Average Rating: 4.7/10
Reviews Counted: 29
Fresh: 10 | Rotten: 19
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Critic Reviews: 1
Fresh: 1 | Rotten: 0
Average Rating: 3/5
User Ratings: 3,873
Writer/director Noel Clarke (Kidulthood, Adulthood) returns to the helm for this frenetic urban thriller following four friends who went their separate ways, but find their fates colliding following a chance meeting with a group of ruthless diamond thieves. Jo (Emma Roberts, Cassandra (Tasmin Egerton), Kerrys (Shanika Warren-Markland) and Shannon (Ophelia Lovibond) used to be inseparable, but lately they've begun to grow apart. As Jo struggles for a sense of direction while earning a meager
Jul 31, 2012
Unstoppable Entertainment - Official Site
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These girls are brilliantly un-victimy and always come out fighting. If only they weren't incessantly paraded about in their underwear for the viewing pleasure of men.
The plotting is clumsy, the characterisation scraggy and the dialogue clunky- but you can't accuse Clarke of lacking ambition, even if his film does display a yawning gulf between aspiration and accomplishment.
A complete absence of wit and some truly terrible writing and acting makes for one bluntly bad movie.
There's something a bit off about the whole film for me. It just wasn't making it. It was chaotic without being very illuminating.
This is pretty much a girl power movie, Tarantino style, with jump cuts, fast cuts, split screens and a lot of lip. And for the most part it's fun.
Like most of those movies that purport to tell it like it is for the fashionably chic young, the result is as cheesy and sentimental as it pretends to be streetwise.
Clarke does all he can to grab your attention but then you learn he has nothing worth saying. A big disappointment.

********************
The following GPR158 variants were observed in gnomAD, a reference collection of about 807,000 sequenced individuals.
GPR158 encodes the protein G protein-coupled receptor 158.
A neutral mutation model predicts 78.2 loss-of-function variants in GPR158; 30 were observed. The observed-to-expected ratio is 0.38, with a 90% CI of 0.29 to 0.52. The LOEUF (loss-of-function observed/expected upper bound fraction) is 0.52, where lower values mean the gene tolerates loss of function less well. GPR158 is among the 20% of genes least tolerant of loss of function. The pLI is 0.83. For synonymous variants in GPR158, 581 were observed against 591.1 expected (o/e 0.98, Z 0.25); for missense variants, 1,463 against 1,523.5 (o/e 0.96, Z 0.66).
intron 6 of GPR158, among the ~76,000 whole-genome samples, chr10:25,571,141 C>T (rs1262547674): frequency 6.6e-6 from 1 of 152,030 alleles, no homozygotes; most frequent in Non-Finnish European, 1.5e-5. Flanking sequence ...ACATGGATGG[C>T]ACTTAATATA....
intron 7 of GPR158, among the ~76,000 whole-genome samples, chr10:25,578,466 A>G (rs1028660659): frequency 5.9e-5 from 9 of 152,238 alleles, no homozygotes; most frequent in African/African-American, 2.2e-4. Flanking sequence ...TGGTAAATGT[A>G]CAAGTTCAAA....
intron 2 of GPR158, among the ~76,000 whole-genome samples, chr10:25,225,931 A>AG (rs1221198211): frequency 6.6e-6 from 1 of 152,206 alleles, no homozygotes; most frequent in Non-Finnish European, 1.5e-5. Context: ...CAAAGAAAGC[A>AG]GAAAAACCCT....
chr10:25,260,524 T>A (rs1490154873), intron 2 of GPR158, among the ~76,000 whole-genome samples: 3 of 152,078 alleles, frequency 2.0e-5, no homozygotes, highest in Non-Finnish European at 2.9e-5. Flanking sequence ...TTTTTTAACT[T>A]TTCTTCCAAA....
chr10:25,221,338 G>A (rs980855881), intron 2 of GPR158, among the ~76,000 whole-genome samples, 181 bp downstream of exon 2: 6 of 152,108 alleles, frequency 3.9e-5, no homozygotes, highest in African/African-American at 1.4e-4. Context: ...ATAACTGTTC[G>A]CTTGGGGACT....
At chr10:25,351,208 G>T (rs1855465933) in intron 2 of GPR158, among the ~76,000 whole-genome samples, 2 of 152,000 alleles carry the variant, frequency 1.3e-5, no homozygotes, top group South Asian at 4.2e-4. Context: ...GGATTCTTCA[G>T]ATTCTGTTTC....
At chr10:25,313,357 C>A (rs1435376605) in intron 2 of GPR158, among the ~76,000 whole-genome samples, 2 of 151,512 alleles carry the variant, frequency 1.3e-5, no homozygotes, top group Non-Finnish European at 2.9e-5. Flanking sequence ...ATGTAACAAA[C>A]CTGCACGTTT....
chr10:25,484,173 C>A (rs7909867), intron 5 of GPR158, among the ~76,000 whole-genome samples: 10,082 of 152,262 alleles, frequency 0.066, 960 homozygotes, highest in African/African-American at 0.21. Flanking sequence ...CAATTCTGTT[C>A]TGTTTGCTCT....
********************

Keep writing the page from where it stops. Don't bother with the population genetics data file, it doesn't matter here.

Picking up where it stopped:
220.127.116.11. is shrill, histrionic and a little bit naff when it could have been cool, hip and exciting.
The multithreads, a la Pulp Fiction, weave and collide, but it's all too linear, too telegraphed, its influences too obvious, its edges sanded down by compromise.
It brings me no joy to say it, but Clarke's filmmaking is like a narcissistic strut from someone who needs to brush up on walking.
The dialogue's clunky and the ludicrous plot is full of holes. It's a great relief when real talent like Ben Miller appear -- but he's only in it for a couple of minutes.
Paragraph after paragraph can be spent dissecting the flaws, the portrayal of men as either evil or nerdish, and the cringeworthy decision to make the lead actresses all strip down to their skimpies at various stages of the movie.
Noel Clarke, blowing his promise as the debut director of Kidulthood, blends youth romp with international thriller.
18.104.22.168 is a totally untested mash-up of slick, Hollywood-style action and edgy British teen drama. And not only does it work -- it works brilliantly.
There's an interesting idea in this film, as we watch four people over the same three days while their experiences converge into one story. But the plot is riddled with holes and filmmaker Clarke strains to hold it together.
Flashy, fast-paced and unashamedly trashy, this is a supremely shallow but no less enjoyable thriller, enlivened by strong performances, snappy editing and a willingness not to take itself too seriously.
Audience Reviews for 22.214.171.124
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